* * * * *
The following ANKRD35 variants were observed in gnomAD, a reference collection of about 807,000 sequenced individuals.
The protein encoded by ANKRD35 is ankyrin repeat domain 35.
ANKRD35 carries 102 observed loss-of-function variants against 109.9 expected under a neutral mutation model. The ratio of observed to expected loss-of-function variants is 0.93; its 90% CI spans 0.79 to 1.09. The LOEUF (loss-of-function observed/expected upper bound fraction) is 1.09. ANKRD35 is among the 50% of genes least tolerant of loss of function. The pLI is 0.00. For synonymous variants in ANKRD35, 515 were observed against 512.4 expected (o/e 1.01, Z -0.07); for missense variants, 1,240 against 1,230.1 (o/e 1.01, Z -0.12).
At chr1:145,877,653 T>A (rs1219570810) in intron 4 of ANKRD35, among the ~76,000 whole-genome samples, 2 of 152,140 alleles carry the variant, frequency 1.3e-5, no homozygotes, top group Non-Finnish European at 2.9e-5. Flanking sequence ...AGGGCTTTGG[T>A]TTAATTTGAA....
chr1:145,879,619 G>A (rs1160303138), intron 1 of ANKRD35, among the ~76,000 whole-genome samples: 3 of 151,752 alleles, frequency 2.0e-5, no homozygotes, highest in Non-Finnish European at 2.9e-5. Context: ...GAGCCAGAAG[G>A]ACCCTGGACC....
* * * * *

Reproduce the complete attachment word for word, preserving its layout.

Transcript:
The following ANKRD35 variants were observed in gnomAD, a reference collection of about 807,000 sequenced individuals.
The protein encoded by ANKRD35 is ankyrin repeat domain 35.
ANKRD35 carries 102 observed loss-of-function variants against 109.9 expected under a neutral mutation model. The ratio of observed to expected loss-of-function variants is 0.93; its 90% CI spans 0.79 to 1.09. The LOEUF (loss-of-function observed/expected upper bound fraction) is 1.09. ANKRD35 is among the 50% of genes least tolerant of loss of function. The pLI is 0.00. For synonymous variants in ANKRD35, 515 were observed against 512.4 expected (o/e 1.01, Z -0.07); for missense variants, 1,240 against 1,230.1 (o/e 1.01, Z -0.12).
At chr1:145,877,653 T>A (rs1219570810) in intron 4 of ANKRD35, among the ~76,000 whole-genome samples, 2 of 152,140 alleles carry the variant, frequency 1.3e-5, no homozygotes, top group Non-Finnish European at 2.9e-5. Flanking sequence ...AGGGCTTTGG[T>A]TTAATTTGAA....
chr1:145,879,619 G>A (rs1160303138), intron 1 of ANKRD35, among the ~76,000 whole-genome samples: 3 of 151,752 alleles, frequency 2.0e-5, no homozygotes, highest in Non-Finnish European at 2.9e-5. Context: ...GAGCCAGAAG[G>A]ACCCTGGACC....